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What Does Being Black Mean To Me?

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I was once asked ‘What being black meant to me’. I can recall my automatic robotic answer – excellence, resilience. All nonsense rhetoric now I reflect on it.

So here are my reflections on it now: What does it mean to be black?

When I relocated back to the UK, at the age of 9. This is the first time I recall being described as black. After all, before that point I was my parent’s child and simply a Nigerian. However, I would come to understand over time that being black was a different kind of identifier to one such a being a Nigerian.

I would learn that being Black is a title with a heavy history – one that causes some people shame and discomfort when they think of the slavery so heavily associated with blackness in their minds. I would also learn that it a very well marketed idea. After all, just look at negative tropes and motifs associated with blackness in movies and TV at least until more recent re-imagining. This limit views would seem to serve purpose of diminishing the person identified as black through a two-pronged approach:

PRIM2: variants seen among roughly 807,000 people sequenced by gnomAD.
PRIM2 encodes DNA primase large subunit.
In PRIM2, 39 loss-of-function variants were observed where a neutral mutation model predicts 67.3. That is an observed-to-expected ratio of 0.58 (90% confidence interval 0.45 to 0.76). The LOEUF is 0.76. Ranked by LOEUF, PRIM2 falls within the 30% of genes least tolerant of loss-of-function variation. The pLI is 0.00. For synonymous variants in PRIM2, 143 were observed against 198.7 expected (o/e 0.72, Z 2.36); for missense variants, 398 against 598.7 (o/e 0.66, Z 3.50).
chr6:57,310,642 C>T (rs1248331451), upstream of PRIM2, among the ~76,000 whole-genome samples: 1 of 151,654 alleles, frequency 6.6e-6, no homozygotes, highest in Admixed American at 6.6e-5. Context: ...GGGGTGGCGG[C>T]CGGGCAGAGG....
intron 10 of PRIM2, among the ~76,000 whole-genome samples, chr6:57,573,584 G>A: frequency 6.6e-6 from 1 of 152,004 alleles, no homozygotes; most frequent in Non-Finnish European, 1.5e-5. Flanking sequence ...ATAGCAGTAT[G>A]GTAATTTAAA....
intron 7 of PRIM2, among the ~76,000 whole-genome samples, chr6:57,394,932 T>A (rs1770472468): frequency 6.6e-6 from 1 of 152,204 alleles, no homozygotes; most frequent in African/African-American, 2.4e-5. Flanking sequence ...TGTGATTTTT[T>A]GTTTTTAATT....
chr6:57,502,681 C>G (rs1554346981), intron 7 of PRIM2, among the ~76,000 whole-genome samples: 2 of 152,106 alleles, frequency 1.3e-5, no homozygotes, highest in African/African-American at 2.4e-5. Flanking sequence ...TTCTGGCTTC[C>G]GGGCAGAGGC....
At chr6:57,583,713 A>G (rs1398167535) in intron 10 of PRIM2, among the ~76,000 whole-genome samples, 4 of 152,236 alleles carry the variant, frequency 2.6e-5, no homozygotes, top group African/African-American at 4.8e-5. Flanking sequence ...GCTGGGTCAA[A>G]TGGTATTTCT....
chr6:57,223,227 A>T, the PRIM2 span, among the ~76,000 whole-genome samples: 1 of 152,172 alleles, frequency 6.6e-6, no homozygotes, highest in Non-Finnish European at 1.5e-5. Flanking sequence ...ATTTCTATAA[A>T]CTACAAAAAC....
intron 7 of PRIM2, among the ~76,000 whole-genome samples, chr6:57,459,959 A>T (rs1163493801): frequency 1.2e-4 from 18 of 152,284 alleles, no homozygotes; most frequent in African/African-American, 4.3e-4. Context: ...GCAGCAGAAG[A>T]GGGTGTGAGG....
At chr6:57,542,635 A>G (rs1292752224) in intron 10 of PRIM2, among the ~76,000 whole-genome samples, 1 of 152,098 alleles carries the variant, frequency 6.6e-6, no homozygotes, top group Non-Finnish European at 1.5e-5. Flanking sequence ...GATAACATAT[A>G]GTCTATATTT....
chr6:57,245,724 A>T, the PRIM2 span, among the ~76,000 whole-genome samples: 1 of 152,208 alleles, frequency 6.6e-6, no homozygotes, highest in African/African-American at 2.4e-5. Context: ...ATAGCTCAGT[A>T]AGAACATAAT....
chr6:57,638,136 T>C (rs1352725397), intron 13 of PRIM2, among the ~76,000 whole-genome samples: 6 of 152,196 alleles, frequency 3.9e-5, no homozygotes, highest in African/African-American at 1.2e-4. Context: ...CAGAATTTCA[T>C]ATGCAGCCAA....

• Expecting less of them which can then result in a self-fulfilling prophecy a term developed by sociologist to describe ‘originally false expectations leading to its own confirmation’. You might have heard the story of the flea in a jar. A flea in a jar with no lid, jumps and escape. With a lid it jumps, and overtime learns there a physical limit. However, when the lid is later taken away, the fleas have stopped jumping high, it is now programmed and cannot escape the jar. This for all intent and purpose, is what a negative self-fulfilling purpose does.
  • Creating a framework where the wider community/group diminishes the individual by policing behavior deemed out of group. We see this in example of a black child being bullied for studying at school by other black peers because trying hard at school is a white thing. I even recall myself being called a coconut or an Oreo as a jab to point out I was black on the outside but white on the inside. I understand this to be because blackness had been branded and heavily associated with a sub-culture and markers such a lack of intelligence, being an academic under performer, as well as many other negative tropes. Therefore, displaying anything contrary to these tropes would be deemed white.